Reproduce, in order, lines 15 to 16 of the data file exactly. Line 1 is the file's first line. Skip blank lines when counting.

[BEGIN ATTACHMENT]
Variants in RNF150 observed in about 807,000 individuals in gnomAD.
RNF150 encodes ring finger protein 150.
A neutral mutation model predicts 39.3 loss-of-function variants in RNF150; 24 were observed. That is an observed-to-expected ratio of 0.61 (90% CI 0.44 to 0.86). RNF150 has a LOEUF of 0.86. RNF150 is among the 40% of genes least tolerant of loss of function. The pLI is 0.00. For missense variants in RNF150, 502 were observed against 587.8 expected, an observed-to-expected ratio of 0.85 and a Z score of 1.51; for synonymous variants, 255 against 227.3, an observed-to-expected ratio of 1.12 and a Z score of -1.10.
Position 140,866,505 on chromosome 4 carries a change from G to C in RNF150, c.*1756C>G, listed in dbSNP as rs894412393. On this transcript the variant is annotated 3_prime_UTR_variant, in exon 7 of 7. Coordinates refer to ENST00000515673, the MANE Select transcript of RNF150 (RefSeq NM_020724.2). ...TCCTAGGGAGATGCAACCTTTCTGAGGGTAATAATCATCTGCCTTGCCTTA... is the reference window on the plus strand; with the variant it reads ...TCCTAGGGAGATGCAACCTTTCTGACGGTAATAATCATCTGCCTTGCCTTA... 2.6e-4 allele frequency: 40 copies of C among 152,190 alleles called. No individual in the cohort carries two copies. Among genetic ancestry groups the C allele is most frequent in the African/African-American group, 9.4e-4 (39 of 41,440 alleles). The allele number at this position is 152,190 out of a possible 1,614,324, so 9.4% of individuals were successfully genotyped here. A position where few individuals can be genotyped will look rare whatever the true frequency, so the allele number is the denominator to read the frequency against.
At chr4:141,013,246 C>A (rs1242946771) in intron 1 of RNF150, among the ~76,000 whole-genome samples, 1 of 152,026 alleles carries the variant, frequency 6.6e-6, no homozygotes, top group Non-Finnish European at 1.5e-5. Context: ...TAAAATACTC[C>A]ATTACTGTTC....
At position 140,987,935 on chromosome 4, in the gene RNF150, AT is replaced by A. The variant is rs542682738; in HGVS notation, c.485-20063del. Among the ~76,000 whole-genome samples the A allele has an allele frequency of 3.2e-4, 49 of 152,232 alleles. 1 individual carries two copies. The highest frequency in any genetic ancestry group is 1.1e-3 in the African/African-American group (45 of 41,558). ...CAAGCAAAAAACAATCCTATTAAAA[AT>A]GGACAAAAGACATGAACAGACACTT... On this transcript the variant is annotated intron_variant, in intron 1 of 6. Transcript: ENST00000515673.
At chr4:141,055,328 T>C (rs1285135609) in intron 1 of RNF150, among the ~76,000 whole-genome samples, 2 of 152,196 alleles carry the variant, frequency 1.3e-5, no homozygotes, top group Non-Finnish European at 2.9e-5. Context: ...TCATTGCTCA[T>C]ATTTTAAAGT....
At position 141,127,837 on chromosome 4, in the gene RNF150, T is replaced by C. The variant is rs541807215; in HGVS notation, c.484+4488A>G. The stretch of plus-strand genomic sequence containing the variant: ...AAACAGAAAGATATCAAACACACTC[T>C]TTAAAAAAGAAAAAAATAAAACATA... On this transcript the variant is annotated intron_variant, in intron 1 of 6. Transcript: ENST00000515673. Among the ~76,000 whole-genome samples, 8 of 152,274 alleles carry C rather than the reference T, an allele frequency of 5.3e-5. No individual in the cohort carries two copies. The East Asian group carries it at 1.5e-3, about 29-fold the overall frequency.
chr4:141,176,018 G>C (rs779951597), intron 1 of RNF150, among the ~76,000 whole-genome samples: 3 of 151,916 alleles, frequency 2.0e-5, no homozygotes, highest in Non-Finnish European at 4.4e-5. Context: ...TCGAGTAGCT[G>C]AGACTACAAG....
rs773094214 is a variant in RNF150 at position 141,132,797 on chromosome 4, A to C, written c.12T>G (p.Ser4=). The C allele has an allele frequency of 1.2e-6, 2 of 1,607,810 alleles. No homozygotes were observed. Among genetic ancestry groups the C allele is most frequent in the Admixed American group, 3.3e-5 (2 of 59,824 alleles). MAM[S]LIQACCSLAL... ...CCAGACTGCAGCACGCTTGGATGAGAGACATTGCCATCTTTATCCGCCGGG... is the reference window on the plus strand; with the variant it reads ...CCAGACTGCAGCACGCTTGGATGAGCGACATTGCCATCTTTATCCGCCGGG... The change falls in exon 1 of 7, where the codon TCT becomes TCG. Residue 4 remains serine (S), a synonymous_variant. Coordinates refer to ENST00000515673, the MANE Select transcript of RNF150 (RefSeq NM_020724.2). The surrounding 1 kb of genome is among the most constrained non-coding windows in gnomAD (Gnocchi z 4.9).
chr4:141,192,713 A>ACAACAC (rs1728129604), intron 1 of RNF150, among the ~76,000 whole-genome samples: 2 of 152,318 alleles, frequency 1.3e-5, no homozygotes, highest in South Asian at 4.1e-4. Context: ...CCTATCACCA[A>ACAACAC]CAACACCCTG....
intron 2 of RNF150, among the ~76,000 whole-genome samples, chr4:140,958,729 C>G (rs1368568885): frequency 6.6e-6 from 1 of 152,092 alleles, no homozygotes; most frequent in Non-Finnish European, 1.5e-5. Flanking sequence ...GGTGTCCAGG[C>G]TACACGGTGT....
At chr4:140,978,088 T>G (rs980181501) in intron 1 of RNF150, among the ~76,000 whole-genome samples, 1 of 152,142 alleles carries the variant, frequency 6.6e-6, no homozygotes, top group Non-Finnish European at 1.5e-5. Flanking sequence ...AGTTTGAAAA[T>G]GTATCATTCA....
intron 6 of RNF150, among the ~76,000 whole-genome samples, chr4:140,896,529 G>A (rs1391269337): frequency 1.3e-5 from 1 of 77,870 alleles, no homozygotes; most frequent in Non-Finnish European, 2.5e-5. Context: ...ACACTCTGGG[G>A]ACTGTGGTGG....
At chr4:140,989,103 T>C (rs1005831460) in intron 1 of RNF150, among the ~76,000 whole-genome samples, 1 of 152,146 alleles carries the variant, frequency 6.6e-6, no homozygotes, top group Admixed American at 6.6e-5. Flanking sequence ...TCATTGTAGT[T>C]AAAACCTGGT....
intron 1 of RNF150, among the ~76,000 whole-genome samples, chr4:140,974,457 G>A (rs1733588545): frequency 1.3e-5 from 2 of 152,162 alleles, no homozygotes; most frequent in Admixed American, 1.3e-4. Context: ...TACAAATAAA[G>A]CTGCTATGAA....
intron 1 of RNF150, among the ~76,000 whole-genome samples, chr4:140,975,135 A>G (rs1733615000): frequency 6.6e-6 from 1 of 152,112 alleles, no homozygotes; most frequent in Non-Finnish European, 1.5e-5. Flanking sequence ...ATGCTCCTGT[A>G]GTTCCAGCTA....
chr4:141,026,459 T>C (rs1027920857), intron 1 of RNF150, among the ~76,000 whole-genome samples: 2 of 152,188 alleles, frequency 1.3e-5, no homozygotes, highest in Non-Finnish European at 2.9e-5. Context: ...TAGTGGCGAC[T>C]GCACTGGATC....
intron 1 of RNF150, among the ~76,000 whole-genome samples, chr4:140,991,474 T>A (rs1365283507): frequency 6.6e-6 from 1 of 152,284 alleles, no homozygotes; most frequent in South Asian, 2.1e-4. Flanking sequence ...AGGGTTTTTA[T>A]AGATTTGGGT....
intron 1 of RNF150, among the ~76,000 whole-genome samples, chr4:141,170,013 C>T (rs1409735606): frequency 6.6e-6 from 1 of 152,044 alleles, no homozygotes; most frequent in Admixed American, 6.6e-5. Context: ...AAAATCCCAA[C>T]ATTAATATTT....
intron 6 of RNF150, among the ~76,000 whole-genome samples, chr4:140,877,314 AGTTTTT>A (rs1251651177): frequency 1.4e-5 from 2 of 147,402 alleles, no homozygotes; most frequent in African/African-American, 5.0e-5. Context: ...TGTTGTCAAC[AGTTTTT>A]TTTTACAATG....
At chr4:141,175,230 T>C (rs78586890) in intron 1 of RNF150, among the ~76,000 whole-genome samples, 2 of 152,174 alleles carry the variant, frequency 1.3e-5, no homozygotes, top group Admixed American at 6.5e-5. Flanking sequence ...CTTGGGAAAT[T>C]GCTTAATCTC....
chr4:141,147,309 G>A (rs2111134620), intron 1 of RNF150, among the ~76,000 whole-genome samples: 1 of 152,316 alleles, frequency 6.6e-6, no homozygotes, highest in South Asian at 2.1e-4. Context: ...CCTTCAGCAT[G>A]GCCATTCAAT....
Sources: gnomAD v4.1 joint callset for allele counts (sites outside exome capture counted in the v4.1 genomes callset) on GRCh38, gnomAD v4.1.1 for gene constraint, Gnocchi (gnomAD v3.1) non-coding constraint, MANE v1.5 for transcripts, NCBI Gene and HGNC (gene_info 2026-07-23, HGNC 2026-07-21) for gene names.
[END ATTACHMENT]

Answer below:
At chr4:140,989,103 T>C (rs1005831460) in intron 1 of RNF150, among the ~76,000 whole-genome samples, 1 of 152,146 alleles carries the variant, frequency 6.6e-6, no homozygotes, top group Admixed American at 6.6e-5. Flanking sequence ...TCATTGTAGT[T>C]AAAACCTGGT....
intron 1 of RNF150, among the ~76,000 whole-genome samples, chr4:140,974,457 G>A (rs1733588545): frequency 1.3e-5 from 2 of 152,162 alleles, no homozygotes; most frequent in Admixed American, 1.3e-4. Context: ...TACAAATAAA[G>A]CTGCTATGAA....